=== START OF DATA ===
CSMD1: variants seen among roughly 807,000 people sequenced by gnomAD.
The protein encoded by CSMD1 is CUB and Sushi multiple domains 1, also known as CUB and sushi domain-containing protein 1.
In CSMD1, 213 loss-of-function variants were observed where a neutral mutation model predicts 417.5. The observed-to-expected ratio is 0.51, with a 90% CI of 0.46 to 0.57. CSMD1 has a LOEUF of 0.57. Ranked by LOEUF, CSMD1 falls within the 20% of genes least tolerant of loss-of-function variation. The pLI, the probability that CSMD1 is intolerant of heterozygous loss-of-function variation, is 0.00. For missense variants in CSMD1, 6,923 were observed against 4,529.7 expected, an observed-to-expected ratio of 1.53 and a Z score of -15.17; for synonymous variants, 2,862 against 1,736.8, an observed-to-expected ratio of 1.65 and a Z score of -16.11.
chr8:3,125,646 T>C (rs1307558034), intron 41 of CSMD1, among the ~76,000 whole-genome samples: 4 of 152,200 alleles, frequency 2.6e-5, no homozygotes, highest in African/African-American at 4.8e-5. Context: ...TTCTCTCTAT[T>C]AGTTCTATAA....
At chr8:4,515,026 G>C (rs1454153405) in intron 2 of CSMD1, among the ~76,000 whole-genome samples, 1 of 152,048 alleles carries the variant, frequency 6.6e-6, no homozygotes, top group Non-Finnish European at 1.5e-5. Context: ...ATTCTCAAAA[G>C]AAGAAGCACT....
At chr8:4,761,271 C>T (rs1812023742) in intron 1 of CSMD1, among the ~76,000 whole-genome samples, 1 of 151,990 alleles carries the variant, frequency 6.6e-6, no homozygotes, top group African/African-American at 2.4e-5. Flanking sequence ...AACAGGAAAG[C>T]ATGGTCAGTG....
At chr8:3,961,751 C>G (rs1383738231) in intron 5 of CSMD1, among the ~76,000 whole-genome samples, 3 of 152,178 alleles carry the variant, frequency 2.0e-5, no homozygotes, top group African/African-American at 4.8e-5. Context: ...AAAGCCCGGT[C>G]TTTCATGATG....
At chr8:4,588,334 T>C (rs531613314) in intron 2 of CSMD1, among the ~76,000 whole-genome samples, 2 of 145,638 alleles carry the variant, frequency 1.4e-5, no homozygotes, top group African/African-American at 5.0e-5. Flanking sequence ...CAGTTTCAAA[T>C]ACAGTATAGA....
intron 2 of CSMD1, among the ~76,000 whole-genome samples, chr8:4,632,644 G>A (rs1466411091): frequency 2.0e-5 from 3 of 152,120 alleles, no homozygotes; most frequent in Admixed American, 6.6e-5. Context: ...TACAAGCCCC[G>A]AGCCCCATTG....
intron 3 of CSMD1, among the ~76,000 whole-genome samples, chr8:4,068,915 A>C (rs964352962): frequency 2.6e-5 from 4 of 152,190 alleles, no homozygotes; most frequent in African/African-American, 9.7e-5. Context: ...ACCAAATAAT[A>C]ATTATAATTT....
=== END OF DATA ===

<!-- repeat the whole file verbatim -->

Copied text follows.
CSMD1: variants seen among roughly 807,000 people sequenced by gnomAD.
The protein encoded by CSMD1 is CUB and Sushi multiple domains 1, also known as CUB and sushi domain-containing protein 1.
In CSMD1, 213 loss-of-function variants were observed where a neutral mutation model predicts 417.5. The observed-to-expected ratio is 0.51, with a 90% CI of 0.46 to 0.57. CSMD1 has a LOEUF of 0.57. Ranked by LOEUF, CSMD1 falls within the 20% of genes least tolerant of loss-of-function variation. The pLI, the probability that CSMD1 is intolerant of heterozygous loss-of-function variation, is 0.00. For missense variants in CSMD1, 6,923 were observed against 4,529.7 expected, an observed-to-expected ratio of 1.53 and a Z score of -15.17; for synonymous variants, 2,862 against 1,736.8, an observed-to-expected ratio of 1.65 and a Z score of -16.11.
chr8:3,125,646 T>C (rs1307558034), intron 41 of CSMD1, among the ~76,000 whole-genome samples: 4 of 152,200 alleles, frequency 2.6e-5, no homozygotes, highest in African/African-American at 4.8e-5. Context: ...TTCTCTCTAT[T>C]AGTTCTATAA....
At chr8:4,515,026 G>C (rs1454153405) in intron 2 of CSMD1, among the ~76,000 whole-genome samples, 1 of 152,048 alleles carries the variant, frequency 6.6e-6, no homozygotes, top group Non-Finnish European at 1.5e-5. Context: ...ATTCTCAAAA[G>C]AAGAAGCACT....
At chr8:4,761,271 C>T (rs1812023742) in intron 1 of CSMD1, among the ~76,000 whole-genome samples, 1 of 151,990 alleles carries the variant, frequency 6.6e-6, no homozygotes, top group African/African-American at 2.4e-5. Flanking sequence ...AACAGGAAAG[C>T]ATGGTCAGTG....
At chr8:3,961,751 C>G (rs1383738231) in intron 5 of CSMD1, among the ~76,000 whole-genome samples, 3 of 152,178 alleles carry the variant, frequency 2.0e-5, no homozygotes, top group African/African-American at 4.8e-5. Context: ...AAAGCCCGGT[C>G]TTTCATGATG....
At chr8:4,588,334 T>C (rs531613314) in intron 2 of CSMD1, among the ~76,000 whole-genome samples, 2 of 145,638 alleles carry the variant, frequency 1.4e-5, no homozygotes, top group African/African-American at 5.0e-5. Flanking sequence ...CAGTTTCAAA[T>C]ACAGTATAGA....
intron 2 of CSMD1, among the ~76,000 whole-genome samples, chr8:4,632,644 G>A (rs1466411091): frequency 2.0e-5 from 3 of 152,120 alleles, no homozygotes; most frequent in Admixed American, 6.6e-5. Context: ...TACAAGCCCC[G>A]AGCCCCATTG....
intron 3 of CSMD1, among the ~76,000 whole-genome samples, chr8:4,068,915 A>C (rs964352962): frequency 2.6e-5 from 4 of 152,190 alleles, no homozygotes; most frequent in African/African-American, 9.7e-5. Context: ...ACCAAATAAT[A>C]ATTATAATTT....